• the pastor likes it that way;
  • they have more important things they’re working on; or
  • it is what inside the church that counts;

I’d counter that anything that turns people way is contradictory to the servanthood-related tenets defined in Scripture – especially something so fixable as the usability of one’s church web site.

Otherwise, why not dump last week’s kitchen garbage in front of the door to the chapel and call it ‘art?’

Getting back to the iPhone:

Apples iPhone

Here’s what I think will be the immediate impact of the iPhone:

quick adoption by competitors
Unlike personal computer manufacturers, the mobile phone industry moves hazardously fast, adopting competitive trends at break-neck speed. Meaning, don’t think that there aren’t iPhone-like implementations of the BlackBerry, Treo and/or Razr in the works. I’ll guarantee you they’re already in beta, if not just waiting to see how all this shakes out for Apple;
more software as a service
I’ve read some beefs about the lack of applications offered for the iPhone, but I don’t think this device needs a ‘killer app‘ to make it work. For example, providers of browser-based office suites such as Zoho and Google Apps are well placed to benefit from Apple’s target demographic: the highly-mobile business executive and/or manager and/or college student. Similarly, your pastor may enjoy the ability to leave the laptop at home or office to pickup and finalize documents started on the road;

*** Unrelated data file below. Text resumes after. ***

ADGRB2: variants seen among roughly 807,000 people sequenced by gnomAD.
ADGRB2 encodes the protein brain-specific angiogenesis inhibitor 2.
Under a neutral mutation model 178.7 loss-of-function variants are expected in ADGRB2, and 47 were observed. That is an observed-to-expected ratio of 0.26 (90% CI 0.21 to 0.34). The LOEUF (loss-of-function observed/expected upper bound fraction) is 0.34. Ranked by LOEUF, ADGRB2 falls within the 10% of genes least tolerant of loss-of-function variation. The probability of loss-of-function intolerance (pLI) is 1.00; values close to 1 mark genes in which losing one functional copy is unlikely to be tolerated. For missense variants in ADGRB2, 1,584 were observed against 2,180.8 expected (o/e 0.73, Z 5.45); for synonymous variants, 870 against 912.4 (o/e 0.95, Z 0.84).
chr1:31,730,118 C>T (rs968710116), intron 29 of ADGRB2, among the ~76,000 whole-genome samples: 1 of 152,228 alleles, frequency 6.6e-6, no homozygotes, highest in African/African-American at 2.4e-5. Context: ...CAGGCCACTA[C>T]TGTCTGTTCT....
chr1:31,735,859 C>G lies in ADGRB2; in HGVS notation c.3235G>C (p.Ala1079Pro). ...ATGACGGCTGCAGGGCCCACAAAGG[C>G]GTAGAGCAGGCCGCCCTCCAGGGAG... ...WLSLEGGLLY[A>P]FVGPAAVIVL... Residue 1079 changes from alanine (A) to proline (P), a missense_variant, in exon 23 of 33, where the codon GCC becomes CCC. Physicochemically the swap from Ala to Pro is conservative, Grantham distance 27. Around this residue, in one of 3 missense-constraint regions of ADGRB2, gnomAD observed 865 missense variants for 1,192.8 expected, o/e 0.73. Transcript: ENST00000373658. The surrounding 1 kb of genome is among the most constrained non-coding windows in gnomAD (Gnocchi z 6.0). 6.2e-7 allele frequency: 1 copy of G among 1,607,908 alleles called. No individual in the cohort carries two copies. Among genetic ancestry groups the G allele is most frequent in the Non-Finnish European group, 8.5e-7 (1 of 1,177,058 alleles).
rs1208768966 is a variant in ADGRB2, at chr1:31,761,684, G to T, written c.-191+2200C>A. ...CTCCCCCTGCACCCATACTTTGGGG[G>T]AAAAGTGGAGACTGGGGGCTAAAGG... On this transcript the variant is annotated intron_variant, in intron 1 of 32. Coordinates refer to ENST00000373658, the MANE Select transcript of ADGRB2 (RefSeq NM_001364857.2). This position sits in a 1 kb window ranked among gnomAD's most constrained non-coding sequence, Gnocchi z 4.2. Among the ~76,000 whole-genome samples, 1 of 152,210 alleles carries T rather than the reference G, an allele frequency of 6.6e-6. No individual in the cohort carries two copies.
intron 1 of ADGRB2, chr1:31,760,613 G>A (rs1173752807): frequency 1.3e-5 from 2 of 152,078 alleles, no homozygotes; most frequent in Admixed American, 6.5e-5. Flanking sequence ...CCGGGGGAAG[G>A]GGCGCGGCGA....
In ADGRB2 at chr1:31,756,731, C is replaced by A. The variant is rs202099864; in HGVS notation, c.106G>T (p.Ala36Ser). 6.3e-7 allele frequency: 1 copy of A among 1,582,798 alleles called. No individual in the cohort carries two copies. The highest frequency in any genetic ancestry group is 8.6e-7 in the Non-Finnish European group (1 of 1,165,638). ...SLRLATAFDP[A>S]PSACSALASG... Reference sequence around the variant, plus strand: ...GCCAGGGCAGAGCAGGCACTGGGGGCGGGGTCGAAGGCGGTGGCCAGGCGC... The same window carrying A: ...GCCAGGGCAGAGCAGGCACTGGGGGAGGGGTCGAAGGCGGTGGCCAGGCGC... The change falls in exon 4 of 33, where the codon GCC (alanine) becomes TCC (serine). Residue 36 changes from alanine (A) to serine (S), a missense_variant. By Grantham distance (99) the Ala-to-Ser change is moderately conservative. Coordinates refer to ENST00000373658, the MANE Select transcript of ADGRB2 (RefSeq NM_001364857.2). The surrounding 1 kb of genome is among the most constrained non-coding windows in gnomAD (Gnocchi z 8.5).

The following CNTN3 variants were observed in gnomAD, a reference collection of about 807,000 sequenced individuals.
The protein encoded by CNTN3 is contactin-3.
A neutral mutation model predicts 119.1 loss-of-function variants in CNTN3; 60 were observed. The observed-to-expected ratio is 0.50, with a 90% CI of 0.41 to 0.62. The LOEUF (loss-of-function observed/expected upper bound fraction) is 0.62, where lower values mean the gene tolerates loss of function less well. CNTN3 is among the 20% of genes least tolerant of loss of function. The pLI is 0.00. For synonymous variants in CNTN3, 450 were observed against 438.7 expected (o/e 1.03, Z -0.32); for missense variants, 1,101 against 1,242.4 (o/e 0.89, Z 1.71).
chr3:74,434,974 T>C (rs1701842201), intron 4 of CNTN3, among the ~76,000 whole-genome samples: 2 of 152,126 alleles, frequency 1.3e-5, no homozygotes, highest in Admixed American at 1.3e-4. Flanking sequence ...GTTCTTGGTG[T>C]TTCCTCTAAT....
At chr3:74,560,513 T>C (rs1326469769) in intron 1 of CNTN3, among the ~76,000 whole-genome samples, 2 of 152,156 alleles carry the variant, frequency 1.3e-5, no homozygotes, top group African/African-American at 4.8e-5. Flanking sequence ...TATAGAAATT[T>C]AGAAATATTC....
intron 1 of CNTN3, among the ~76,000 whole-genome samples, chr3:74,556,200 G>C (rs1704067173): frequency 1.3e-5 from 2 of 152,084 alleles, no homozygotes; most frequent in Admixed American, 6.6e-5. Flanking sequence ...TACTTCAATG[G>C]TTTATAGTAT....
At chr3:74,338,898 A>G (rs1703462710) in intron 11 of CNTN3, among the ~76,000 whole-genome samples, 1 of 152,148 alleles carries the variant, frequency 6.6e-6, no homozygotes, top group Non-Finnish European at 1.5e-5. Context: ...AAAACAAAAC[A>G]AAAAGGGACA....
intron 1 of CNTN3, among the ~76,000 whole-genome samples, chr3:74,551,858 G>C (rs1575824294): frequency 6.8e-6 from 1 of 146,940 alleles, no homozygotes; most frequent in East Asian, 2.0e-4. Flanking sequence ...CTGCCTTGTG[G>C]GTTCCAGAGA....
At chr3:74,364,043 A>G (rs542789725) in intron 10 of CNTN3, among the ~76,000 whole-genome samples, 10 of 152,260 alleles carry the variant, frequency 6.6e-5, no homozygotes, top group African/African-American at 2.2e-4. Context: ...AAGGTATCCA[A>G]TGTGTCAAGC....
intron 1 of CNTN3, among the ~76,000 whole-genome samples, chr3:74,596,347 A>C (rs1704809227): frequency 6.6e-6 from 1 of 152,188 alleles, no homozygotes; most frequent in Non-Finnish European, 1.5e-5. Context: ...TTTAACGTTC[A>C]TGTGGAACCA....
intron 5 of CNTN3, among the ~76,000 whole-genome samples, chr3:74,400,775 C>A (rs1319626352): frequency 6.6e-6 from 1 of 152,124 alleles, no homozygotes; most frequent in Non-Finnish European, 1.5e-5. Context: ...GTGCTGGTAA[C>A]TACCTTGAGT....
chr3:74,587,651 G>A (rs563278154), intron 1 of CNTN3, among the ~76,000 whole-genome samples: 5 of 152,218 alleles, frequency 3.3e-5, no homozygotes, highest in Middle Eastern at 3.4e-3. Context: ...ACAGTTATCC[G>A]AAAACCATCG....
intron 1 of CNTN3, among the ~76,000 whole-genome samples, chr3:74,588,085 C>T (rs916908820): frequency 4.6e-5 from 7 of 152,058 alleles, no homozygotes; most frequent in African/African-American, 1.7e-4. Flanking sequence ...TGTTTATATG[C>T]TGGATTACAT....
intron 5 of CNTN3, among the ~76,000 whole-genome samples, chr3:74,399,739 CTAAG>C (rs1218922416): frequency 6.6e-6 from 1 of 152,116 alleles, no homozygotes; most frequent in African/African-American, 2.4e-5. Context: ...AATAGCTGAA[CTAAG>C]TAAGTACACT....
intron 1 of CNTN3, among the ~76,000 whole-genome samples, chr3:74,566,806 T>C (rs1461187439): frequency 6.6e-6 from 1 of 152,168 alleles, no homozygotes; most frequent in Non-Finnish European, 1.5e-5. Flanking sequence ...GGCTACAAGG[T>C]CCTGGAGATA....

re-factoring of navigational metaphors
watch the demo, think about how new navigational notions such as ‘flicking’ and ‘pinching’ … or graphic conventions such as transparent shortcuts of phone-related activities displaying during the course of a conversation … or confirmation through sliders;
more minituarization of media
thinks small media, YouTube sized media if you want. Think 10-15 minute sermonettes that look good on a 3.5 screen, as I’m sure the makers of television and film are already thinking along these lines. Might wanna put your podcasts on a diet too;
location, location, location
geolocation is already here, the iPhone will help Google push it to it’s next level. Tim Bednar offers great advice on how to take care of that today.

Again, there’s plenty more – but my job here is just to get to you start thinking differently about your church web site’s goals – and whether or not its current implementation will support emerging trends in how seekers use the web.

iPhone Article Roundup:

Here are some articles to get you thinking along those lines:

As always, your comments and linkage are appreciated.


Hmmm … something this ‘BlackBerry’ killer can’t do that my crufty old 7130e can:

“iPhone doesn’t support the concept of selected text. That means you can’t just select a specific portion to quote of the message you’re replying to; nor can you select a chunk of the quoted message and delete it while editing. ” – Daring Fireball: iPhone First Impressions (hat tip Mark Pilgrim).

More later …


  1. Dean,
    Nice post! I’ve seen tons of iPhone noise lately and this was anything but. Thanks for posting solid content and asking good questions. I’m linking to you right now.